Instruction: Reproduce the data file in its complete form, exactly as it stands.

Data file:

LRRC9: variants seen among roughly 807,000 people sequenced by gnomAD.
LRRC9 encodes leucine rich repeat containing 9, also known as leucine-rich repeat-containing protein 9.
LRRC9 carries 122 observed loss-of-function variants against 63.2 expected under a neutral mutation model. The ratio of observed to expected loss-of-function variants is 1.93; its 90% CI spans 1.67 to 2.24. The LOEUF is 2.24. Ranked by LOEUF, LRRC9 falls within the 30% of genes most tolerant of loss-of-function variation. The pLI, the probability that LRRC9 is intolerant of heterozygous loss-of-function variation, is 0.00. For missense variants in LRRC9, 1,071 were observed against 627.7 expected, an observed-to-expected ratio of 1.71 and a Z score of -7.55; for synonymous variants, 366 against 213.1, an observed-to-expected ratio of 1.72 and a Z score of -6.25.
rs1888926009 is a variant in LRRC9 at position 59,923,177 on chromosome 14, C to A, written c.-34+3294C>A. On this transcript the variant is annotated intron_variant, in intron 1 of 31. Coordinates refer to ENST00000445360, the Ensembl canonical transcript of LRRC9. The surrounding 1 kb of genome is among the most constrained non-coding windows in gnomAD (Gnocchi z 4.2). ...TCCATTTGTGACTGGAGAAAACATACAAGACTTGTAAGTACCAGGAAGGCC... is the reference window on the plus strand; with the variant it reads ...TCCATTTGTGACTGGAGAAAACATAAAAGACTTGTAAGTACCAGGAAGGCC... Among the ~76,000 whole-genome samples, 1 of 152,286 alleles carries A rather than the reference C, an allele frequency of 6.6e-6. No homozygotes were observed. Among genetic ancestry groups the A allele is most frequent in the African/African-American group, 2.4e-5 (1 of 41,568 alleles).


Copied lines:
LRRC9: variants seen among roughly 807,000 people sequenced by gnomAD.
LRRC9 encodes leucine rich repeat containing 9, also known as leucine-rich repeat-containing protein 9.
LRRC9 carries 122 observed loss-of-function variants against 63.2 expected under a neutral mutation model. The ratio of observed to expected loss-of-function variants is 1.93; its 90% CI spans 1.67 to 2.24. The LOEUF is 2.24. Ranked by LOEUF, LRRC9 falls within the 30% of genes most tolerant of loss-of-function variation. The pLI, the probability that LRRC9 is intolerant of heterozygous loss-of-function variation, is 0.00. For missense variants in LRRC9, 1,071 were observed against 627.7 expected, an observed-to-expected ratio of 1.71 and a Z score of -7.55; for synonymous variants, 366 against 213.1, an observed-to-expected ratio of 1.72 and a Z score of -6.25.
rs1888926009 is a variant in LRRC9 at position 59,923,177 on chromosome 14, C to A, written c.-34+3294C>A. On this transcript the variant is annotated intron_variant, in intron 1 of 31. Coordinates refer to ENST00000445360, the Ensembl canonical transcript of LRRC9. The surrounding 1 kb of genome is among the most constrained non-coding windows in gnomAD (Gnocchi z 4.2). ...TCCATTTGTGACTGGAGAAAACATACAAGACTTGTAAGTACCAGGAAGGCC... is the reference window on the plus strand; with the variant it reads ...TCCATTTGTGACTGGAGAAAACATAAAAGACTTGTAAGTACCAGGAAGGCC... Among the ~76,000 whole-genome samples, 1 of 152,286 alleles carries A rather than the reference C, an allele frequency of 6.6e-6. No homozygotes were observed. Among genetic ancestry groups the A allele is most frequent in the African/African-American group, 2.4e-5 (1 of 41,568 alleles).